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Meruvax

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Meruvax

Meruvax Patient Information including How Should I Take

What should I discuss with my healthcare provider before receiving this vaccine (Meruvax)?

You should not receive this vaccine if you are allergic to:

  • gelatin;
  • neomycin (Mycifradin, Neo-Fradin, Neo-Tab); or
  • if you have ever had a life-threatening allergic reaction to any vaccine containing rubella.

You should also not receive this vaccine if you have:

  • a blood cell disorder such as anemia;
  • blood or bone marrow cancer such as leukemia, lymphoma, and others;
  • severe active immune suppression caused by disease (such as cancer, HIV, or AIDS), or by receiving chemotherapy or radiation; or
  • if you are pregnant.

Before receiving this vaccine, tell the doctor if you have:

  • thrombocytopenia purpura (easy bruising or bleeding);
  • active or untreated tuberculosis infection;
  • a weak immune system caused by disease, bone marrow transplant, or by using certain medicines or receiving cancer treatments; or
  • if you have received an immune globulin or other blood product within the past 3 months.

You can still receive a vaccine if you have a minor cold or low fever. In the case of a more severe illness with a fever or any type of infection, wait until you get better before receiving this vaccine.

Do not receive this vaccine while you are breast-feeding a baby. Small amounts of the rubella virus contained in the vaccine can pass into breast milk and could harm a nursing baby.

Rubella virus vaccine contains albumin (part of the blood) and it may contain viruses and other infectious agents that can cause disease. Although donated human blood is screened, tested, and treated to reduce the risk of it containing anything that could cause disease, there is still a small possibility it could transmit disease. Talk with your doctor about the risks and benefits of receiving this vaccine.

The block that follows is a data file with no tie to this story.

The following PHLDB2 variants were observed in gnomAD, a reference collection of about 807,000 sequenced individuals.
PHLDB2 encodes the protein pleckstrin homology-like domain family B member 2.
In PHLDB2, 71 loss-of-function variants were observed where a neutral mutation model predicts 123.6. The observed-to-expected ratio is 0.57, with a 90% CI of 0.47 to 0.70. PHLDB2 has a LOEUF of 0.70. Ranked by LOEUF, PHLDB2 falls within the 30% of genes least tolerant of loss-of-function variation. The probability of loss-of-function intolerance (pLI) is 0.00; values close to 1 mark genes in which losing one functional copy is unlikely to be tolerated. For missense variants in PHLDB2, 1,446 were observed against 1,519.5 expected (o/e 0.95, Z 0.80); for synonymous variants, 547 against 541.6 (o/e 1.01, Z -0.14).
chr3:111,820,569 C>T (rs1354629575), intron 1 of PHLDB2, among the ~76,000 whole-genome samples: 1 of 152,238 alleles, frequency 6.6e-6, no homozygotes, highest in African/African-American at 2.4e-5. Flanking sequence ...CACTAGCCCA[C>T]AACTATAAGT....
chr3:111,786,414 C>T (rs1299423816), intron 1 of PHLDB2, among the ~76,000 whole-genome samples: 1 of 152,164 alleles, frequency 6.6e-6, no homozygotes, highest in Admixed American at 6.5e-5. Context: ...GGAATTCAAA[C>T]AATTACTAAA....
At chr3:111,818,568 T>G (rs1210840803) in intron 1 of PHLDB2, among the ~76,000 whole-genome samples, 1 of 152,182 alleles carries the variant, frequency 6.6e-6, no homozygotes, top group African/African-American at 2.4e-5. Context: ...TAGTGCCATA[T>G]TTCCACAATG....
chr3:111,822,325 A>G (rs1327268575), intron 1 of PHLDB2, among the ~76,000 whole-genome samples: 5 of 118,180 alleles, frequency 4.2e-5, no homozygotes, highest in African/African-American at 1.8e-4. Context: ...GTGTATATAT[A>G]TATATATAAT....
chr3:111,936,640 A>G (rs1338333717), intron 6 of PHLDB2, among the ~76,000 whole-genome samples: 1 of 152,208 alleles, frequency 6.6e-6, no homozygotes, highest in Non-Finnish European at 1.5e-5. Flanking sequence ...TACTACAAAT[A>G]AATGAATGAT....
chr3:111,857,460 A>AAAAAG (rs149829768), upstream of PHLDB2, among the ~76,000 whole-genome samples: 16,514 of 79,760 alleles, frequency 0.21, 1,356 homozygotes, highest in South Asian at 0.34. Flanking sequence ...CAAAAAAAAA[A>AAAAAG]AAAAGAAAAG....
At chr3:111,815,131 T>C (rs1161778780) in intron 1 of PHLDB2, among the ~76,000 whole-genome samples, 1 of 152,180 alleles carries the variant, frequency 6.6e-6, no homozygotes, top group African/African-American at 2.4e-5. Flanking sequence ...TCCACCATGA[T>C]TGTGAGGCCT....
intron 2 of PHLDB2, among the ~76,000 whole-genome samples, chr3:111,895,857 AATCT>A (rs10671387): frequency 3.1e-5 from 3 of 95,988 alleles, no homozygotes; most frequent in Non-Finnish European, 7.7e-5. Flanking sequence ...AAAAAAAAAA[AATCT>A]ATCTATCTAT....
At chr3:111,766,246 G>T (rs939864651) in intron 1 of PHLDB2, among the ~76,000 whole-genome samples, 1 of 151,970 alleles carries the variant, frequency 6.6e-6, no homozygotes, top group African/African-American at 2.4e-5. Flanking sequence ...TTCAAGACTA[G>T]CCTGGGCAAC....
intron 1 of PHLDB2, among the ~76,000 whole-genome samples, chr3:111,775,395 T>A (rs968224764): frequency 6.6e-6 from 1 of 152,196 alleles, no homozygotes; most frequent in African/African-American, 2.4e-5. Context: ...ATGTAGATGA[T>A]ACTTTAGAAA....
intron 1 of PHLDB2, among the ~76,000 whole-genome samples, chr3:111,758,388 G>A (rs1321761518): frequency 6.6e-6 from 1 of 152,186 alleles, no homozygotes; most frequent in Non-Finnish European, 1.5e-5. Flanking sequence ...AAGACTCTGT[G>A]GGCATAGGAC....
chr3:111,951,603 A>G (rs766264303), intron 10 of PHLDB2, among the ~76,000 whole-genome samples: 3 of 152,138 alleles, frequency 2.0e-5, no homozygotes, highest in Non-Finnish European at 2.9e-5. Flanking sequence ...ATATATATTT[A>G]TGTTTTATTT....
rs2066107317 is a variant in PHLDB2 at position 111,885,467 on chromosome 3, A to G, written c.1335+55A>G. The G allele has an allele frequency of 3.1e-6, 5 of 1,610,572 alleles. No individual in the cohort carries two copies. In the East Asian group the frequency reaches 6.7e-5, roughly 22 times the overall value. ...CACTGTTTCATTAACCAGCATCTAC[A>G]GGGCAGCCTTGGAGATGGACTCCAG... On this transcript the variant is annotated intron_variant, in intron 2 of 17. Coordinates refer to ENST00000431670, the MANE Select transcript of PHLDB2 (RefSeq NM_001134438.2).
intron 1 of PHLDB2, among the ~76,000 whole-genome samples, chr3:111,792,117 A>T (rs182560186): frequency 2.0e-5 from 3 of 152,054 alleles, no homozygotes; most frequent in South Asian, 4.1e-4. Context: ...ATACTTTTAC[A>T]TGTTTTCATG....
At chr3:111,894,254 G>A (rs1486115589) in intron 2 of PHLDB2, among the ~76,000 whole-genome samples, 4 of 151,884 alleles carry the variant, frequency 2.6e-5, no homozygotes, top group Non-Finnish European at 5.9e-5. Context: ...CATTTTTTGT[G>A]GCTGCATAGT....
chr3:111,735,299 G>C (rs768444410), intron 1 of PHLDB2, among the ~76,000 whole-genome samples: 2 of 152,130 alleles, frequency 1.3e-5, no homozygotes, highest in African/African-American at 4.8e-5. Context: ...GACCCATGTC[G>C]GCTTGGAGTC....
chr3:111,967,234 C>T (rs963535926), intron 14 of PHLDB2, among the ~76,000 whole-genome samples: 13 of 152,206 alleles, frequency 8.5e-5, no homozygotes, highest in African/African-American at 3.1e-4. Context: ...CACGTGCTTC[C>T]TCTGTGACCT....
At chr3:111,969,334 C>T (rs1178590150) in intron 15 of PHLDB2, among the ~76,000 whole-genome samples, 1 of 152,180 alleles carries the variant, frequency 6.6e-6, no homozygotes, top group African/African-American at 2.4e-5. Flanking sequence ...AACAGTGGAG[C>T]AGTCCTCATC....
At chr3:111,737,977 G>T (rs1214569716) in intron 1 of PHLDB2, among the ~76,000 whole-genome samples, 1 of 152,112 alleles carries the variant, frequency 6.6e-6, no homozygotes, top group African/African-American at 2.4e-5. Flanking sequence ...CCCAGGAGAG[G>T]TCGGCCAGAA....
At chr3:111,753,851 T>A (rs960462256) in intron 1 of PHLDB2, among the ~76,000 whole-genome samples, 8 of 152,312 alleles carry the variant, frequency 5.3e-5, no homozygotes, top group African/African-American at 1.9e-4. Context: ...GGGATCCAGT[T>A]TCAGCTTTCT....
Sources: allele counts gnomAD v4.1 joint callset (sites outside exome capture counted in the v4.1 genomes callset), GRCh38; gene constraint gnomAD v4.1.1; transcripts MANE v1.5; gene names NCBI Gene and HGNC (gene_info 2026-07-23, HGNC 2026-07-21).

How is this vaccine given (Meruvax)?

This vaccine is given as an injection (shot) under your skin. You will receive this injection in a doctor's office or other clinic setting.

Rubella virus vaccine is recommended for people in the following situations:

  • healthcare workers;
  • college students;
  • military personnel;
  • travelers on cruise ships or to destinations outside the U.S.;
  • a woman who is susceptible to rubella and has just had a baby; and
  • a child who has never been vaccinated against rubella and is in contact with a pregnant woman.

Adults born after 1956 should receive at least one measles, mumps, and rubella (MMR) vaccination if they have never had the diseases or received an MMR vaccine during their lifetime.

The first rubella virus vaccine is usually given to a child who is 12 to 15 month old. The booster shots are then given between 4 and 6 years of age. A measles, mumps, and rubella (MMR) vaccine should then be given before the child starts elementary school.

Your doctor may want you to receive an immune globulin (IG) injection within 3 months after you receive the rubella virus vaccine. Your individual booster schedule may be different from these guidelines. Follow your doctor's instructions or the schedule recommended by the health department of the state you live in.

Your doctor may recommend treating fever and pain with an aspirin-free pain reliever such as acetaminophen (Tylenol) or ibuprofen (Motrin, Advil, and others) when the shot is given and for the next 24 hours. Follow the label directions or your doctor's instructions about how much of this medicine to take.

It is especially important to prevent fever from occurring if you have a seizure disorder such as epilepsy.

This vaccine can cause false results on a skin test for tuberculosis. Tell any doctor who tests you if you have received a rubella virus vaccine within the past 4 to 6 weeks.

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Meruvax - User Reviews

Meruvax User Reviews

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